I love building things, usually sites and little prototype apps, and, while implementing a feature for a project at work, I figured I could abstract some code out into a small JavaScript plugin for reuse by myself and others. It's my first time creating something for use by developers and released as an open source tool; drawing inspiration from Pony Foo and Ken Wheeler, I set out to do just that.

Animated scrolling is a simple interaction but can make all the difference for the user experience of a site. Fans of jQuery will tell you the easiest way to implement this feature is to wrap a .scrollTop() function with .animate() and call it a day. However, I have some issues with this method. For one, jQuery does not use requestAnimationFrame in its Animation class, using setInterval instead (as explained here). There is also the fact that most people don't update the URL to reflect this jump down/up the page, screwing up the progressive enhancement of the links to these areas on page. Having a focused, dependency-free module that facilitates this feature and enforces best practices should be a better solution. So that was my goal when planning out the creation of Elevatr.

The name was inspired by the glass elevator from Charlie and The Chocolate Factory—flexible, transparent, and fun to use. Flexible in the direction of scrolling, transparent in how the internals of the plugin works, and fun to use within the rest of the web building experience. The planning and design of a tool like this can be just as challenging as developing sites and apps used by consumers, it's simply a different type of consumer.

The flexibility of Elevatr comes from the options available when instantiating a new Elevatr object. Upon creation, the speed, easing, pushState toggle, and even a custom callback function can be passed in to suit the needs of the project. There is no need to specify the direction of scrolling because it is figured out by the plugin based on the position of the element of the trigger link and the element being scrolled to. This means multiple trigger links could be set without worry of where they are on the page.

I believe in transparency of code for the sake of upkeep in the development project, and it's also great for allowing others to understand what's happening under the hood if anything goes wrong. The naming of private and public methods and properties can go a long way in making the internals of a module as readable as possible. Then abstracting out too much within one method, to make sure it is easy to test every part of the plugin. Taking care of these issues up front will make it better for others to contribute to the codebase in the long run as well as maintaining it.

A plugin like this should be fun to use in the development of a site or app, not a chore. The developer shouldn't feel exhausted trying to read through documentation just to use the plugin for the first time. The API should enable the user to see a quick example or code snippet and understand exactly how to get the job done. While this can be done through great documentation as well, most developers wil want to just drop in the plugin code and get to work without doing a deep dive into someone else's code. I attempted to make this possible by only promoting one public method, Elevatr.setTrigger(), to use after instantiating a new Elevatr object. It is possible to use Elevatr.triggerJump as well, but it is only exposed for the sake of transparency.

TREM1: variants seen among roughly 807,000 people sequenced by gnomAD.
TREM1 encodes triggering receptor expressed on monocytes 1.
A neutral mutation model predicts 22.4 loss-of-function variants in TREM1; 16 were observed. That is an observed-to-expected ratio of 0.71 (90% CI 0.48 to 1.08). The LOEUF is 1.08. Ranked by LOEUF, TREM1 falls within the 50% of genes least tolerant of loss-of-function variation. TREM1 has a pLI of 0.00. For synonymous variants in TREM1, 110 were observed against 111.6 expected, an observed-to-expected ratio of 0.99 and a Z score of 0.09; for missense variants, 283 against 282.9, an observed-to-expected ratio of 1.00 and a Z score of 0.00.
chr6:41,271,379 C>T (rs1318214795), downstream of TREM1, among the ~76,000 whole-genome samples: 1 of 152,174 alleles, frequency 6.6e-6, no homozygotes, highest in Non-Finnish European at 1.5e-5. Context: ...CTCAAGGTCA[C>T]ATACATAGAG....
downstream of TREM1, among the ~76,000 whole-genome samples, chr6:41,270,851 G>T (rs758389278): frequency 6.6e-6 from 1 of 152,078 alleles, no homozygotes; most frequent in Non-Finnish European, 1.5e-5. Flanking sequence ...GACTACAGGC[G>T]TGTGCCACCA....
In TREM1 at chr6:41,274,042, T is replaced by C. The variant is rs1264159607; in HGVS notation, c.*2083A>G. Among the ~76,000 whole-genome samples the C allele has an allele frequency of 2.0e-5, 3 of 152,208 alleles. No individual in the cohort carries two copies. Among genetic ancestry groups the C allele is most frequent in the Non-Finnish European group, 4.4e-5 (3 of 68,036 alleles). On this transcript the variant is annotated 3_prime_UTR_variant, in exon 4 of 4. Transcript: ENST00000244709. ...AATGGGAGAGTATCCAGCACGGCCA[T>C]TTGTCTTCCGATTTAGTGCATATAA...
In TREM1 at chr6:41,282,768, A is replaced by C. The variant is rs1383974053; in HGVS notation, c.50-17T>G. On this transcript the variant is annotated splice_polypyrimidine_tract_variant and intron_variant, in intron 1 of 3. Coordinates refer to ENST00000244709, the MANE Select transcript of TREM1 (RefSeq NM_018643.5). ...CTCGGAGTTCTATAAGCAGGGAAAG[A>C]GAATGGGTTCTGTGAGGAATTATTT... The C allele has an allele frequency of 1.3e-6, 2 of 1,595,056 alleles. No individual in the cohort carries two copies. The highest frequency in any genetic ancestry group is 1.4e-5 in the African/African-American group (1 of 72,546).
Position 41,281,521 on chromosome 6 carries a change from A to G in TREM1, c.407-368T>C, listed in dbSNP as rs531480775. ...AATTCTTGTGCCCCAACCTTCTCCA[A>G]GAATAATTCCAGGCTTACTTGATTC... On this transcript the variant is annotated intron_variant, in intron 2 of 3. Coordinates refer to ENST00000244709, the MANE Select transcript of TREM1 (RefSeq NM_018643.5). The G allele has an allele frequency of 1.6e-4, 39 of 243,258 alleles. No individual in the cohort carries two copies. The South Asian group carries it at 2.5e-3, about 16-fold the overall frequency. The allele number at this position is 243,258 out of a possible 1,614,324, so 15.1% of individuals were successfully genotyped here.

Without further ado, this is the first iteration of Elevatr:

If you take a look at the JS tab, you can see I included a polyfill for requestAnimationFrame for better browser coverage. The comments and code organization should help most familiar with JavaScript to understand what exactly is going on inside the plugin. Even though the demo should work fairly smoothly, there is still so much to do in the continued development of Elevatr. This includes:

  • add multiple choices for easing
  • clean up some of the private methods a bit more
  • create GitHub repo
  • clean up the demo
  • create landing page
  • add tests
  • add build system
  • add option to integrate with Velocity.js for progressive enhancement and finer control over easing
  • submit to Bower for easier distribution

That only includes what I can think of right now but I'm sure there will be user requests if anyone else decides to use it in their projects. I want to make it as easy as possible to contribute to the development of Elevatr and I've been thinking a lot about using CodePen as a tool in that process. For every iteration of Elevatr, I want to have an updated CodePen demo that others can fork and comment on, rather than having to fork a repo, clone it locally, run the build system, and finally view the demo page. The accessiblity of CodePen is absolutely brilliant for beginners and experts alike who just want to tinker with someone else's code ASAP.

Thanks for reading if you made it all the way through, and please comment on the demo or this post with any feedback. I'll probably update this article with links to the GitHub repo and new demos in the future.



Updated 11/13/2014:

Cracked a big bug in animation process by changing the scrolling function to use window.scrollTo instead of window.scrollBy which made using any easing besides linear a little nutty. So, with that change, I have added 4 easing options:

  • linear
  • easeOutQuad
  • easeInQuad
  • easeInOutQuad

I have also added a build proccess to the open source project on GitHub using Gulp. More to come.

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